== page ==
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Statute of doom.

EBM Med. Health Care, P.C. v Amica Mut. Ins. Co., 2011 NY Slip Op 51720(U)(App. Term 2d Dept. 2011).

How do you lose a statute of limitations case… Well…

In the no-fault context, a cause of action accrues when payment of no-fault benefits becomes “overdue” (see Insurance Law § 5106 [a]; see also Benson v Boston Old Colony Ins. Co., 134 AD2d 214 [1987]; New Era Acupuncture, P.C. v MVAIC, 18 Misc 3d 139[A], 2008 NY Slip Op 50353[U] [App Term, 2d & 11th Jud Dists 2008]). In this case, benefits became overdue 30 days after defendant’s receipt of proof of the claim (see Insurance Law § 5106 [a]; former Insurance Department Regulations [11 NYCRR] § 65.15 [g], now Insurance Department Regulations [11 NYCRR] § 65-3.8; Aetna Life & Cas. Co. v Nelson, 67 NY2d 169, 175 [1986]). The complaint alleges that a claim form in the amount of $1,707.97 was submitted to defendant on June 6, 2001. In considering a motion to dismiss a complaint as barred by the statute of limitations, the court must take the factual allegations of the complaint as true, and [*2]must resolve all inferences in favor of the plaintiff (see Island ADC, Inc., 49 AD3d 815). We note that defendant’s dismissal motion was based upon an allegation that defendant had received a bill for $1,467.95 on April 3, 2001, and that this bill, along with a bill for $240.02, are the bills which are the subject of this action. However, defendant failed to demonstrate that these two bills, one of which it claims to have received on April 3, 2001, are the subject of this action, where the complaint alleges that one bill for $1,707.97 was submitted on June 6, 2001.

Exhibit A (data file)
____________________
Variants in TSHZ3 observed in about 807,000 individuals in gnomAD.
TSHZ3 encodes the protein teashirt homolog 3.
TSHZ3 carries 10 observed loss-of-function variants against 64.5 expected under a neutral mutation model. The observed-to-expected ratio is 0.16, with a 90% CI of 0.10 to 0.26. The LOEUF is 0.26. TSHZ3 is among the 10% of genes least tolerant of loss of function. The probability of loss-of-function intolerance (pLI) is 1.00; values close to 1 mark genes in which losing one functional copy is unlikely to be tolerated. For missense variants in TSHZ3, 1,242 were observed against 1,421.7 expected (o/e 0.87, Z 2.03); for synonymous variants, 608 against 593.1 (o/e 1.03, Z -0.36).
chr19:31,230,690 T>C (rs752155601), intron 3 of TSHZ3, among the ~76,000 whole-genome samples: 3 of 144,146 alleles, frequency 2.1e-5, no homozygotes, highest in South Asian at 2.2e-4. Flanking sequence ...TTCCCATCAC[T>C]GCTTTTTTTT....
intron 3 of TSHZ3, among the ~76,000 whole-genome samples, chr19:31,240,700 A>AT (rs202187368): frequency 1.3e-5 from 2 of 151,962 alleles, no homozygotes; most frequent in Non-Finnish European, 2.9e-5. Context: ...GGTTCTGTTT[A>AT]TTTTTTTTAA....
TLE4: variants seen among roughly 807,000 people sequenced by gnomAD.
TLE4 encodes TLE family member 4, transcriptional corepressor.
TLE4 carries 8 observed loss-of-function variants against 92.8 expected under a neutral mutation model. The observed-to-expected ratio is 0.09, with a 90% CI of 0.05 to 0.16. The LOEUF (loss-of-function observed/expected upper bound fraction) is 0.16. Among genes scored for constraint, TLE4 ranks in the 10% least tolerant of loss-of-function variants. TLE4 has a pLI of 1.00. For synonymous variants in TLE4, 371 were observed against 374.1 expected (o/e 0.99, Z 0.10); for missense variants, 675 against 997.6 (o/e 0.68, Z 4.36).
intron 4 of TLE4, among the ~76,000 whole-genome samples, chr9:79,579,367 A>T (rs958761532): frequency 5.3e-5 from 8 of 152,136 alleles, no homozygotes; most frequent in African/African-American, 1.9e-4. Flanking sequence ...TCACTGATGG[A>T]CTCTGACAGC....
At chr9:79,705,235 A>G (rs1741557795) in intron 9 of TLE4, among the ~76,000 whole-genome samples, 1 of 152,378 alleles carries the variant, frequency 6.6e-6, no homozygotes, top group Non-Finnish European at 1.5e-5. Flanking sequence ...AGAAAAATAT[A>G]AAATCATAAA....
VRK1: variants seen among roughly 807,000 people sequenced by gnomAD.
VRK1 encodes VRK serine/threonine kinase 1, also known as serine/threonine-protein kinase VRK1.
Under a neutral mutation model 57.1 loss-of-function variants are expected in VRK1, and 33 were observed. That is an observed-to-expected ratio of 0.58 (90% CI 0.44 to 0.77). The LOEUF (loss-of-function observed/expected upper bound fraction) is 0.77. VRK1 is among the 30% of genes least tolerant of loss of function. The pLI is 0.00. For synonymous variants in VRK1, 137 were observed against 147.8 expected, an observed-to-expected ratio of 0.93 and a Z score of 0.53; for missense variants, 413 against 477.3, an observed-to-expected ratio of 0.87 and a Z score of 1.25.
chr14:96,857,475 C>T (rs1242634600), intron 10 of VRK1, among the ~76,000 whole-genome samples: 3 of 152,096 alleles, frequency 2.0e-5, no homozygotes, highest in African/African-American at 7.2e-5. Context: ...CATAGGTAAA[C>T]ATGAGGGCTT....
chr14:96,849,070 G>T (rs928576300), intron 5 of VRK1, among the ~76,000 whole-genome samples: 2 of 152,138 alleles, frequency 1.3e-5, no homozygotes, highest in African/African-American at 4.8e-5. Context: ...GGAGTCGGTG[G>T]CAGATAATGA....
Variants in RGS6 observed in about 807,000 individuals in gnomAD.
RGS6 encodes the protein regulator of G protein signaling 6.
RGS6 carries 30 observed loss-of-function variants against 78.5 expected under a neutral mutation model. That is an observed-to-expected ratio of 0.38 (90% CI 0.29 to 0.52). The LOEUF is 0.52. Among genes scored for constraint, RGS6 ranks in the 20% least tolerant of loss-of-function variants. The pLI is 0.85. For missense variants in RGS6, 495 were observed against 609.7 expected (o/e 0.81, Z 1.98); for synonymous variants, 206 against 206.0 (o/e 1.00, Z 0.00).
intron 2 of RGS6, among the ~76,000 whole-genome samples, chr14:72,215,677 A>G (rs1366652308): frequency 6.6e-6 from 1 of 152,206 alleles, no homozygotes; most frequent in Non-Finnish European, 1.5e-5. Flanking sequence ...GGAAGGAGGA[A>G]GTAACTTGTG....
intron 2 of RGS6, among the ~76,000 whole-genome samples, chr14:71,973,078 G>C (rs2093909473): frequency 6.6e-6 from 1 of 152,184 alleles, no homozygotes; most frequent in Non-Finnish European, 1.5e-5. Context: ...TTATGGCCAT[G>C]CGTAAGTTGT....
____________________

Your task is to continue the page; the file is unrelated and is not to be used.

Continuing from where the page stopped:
Defendant should have (1) moved for summary judgment; (2) provided an affidavit explaining when each bill was received; and (3) provided a copy of each bill.

CPLR 3211(a)(5) + bills that do not add up to the amount in dispute = disaster.